It’s been an exciting three weeks in Mathematics and Digital Art! We began Week 9 after our Fall break with a talk by Carlo Sequin. Here’s Carlo with one of his sculptures at the University of California, Berkeley.
I met Carlo through the Bridges conferences; he currently sits on the Board. Since he’s so close by, I thought it would be great to have him visit my class.
His talk centered around the computer graphics programs he wrote in order to design sculptures like the one you see in the picture above. Carlo included several different parameters, allowing an incredible variety of images to be generated.
Then he focused on a few of his sculptures and described the design process from conception to final sculpture. He even remarked how he got lucky once — he and his team forgot to measure the width of the door they needed to take the sculpture through, and it fit with just a few inches to spare….
Friday, Day 24, was our first Project day. Students’ ideas were still somewhat vague — they did have to write a Proposal, but still didn’t have a clear direction. We made some progress, though the next Project day helped quite a bit more.
On Monday, Day 25, we dived into working with Processing. I kept in mind the comments from students’ response papers which I mentioned in my previous post — they really wanted to learn more about code.
Now coding is a precision endeavor, as there is no room for error as far as syntax is concerned. So after working through a simple example, I presented them with the following movie.
Admittedly it’s not a blockbuster…but their lab work was to duplicate this movie as precisely as possible. I gave them a basic template (see the May 2016 archives for the start of a six-part series on Processing which I used as a basis for their lab work), but they didn’t just have to tweak numbers — they also had to add new elements.
The main mathematical tool involved was linear interpolation, which we went over in some detail in class. The next class, I had them work on recreating the following movie.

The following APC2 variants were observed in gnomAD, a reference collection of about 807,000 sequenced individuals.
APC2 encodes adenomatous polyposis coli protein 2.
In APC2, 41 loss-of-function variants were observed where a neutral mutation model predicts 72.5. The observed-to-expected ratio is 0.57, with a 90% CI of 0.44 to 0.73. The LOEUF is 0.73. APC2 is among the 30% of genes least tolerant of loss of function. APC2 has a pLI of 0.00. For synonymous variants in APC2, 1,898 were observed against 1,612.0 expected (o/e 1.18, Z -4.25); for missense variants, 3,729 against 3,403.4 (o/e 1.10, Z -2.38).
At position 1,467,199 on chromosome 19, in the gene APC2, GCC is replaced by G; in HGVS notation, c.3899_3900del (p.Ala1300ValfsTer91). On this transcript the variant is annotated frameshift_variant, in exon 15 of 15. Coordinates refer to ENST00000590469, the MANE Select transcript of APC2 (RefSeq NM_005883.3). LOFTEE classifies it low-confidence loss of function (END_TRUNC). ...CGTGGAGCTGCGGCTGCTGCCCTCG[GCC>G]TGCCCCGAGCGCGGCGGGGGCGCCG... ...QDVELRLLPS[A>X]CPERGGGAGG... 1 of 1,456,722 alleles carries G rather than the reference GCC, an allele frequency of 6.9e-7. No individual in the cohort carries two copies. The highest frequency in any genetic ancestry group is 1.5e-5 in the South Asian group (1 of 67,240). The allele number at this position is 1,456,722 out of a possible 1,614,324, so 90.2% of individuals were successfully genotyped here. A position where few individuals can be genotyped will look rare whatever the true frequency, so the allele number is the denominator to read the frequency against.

This proved a bit more challenging. Some students at first thought there was a rotation involved — but it’s just linear interpolation again, on a somewhat larger scale. Here are the prompts I gave them:
- the screen is 500 x 500 pixels;
- the dots are always 25 pixels from the edge;
- the colors are the standard red, green, blue, and orange;
- the smaller dots are 100 pixels wide, and the larger ones are 200 pixels wide.
The main challenge was working in screen space, since they needed to calculate the exact centers of the circles. Of course students progressed at different rates, and they were finally getting the main point — you can use linear interpolation to morph any aspect of an image which depends on a numerical parameter. As a mathematician, I was used to thinking along these lines all the time, but it’s a concept that takes a while to really sink in if it’s new.
Friday, Day 27, was our next project day. We worked at fleshing out more details of the students’ various projects. Two students wanted to explore image processing, so Nick continued working with them to download the appropriate packages and get Python installed on their computers. Such projects are never as easy as they sound, but Nick did get everything to work.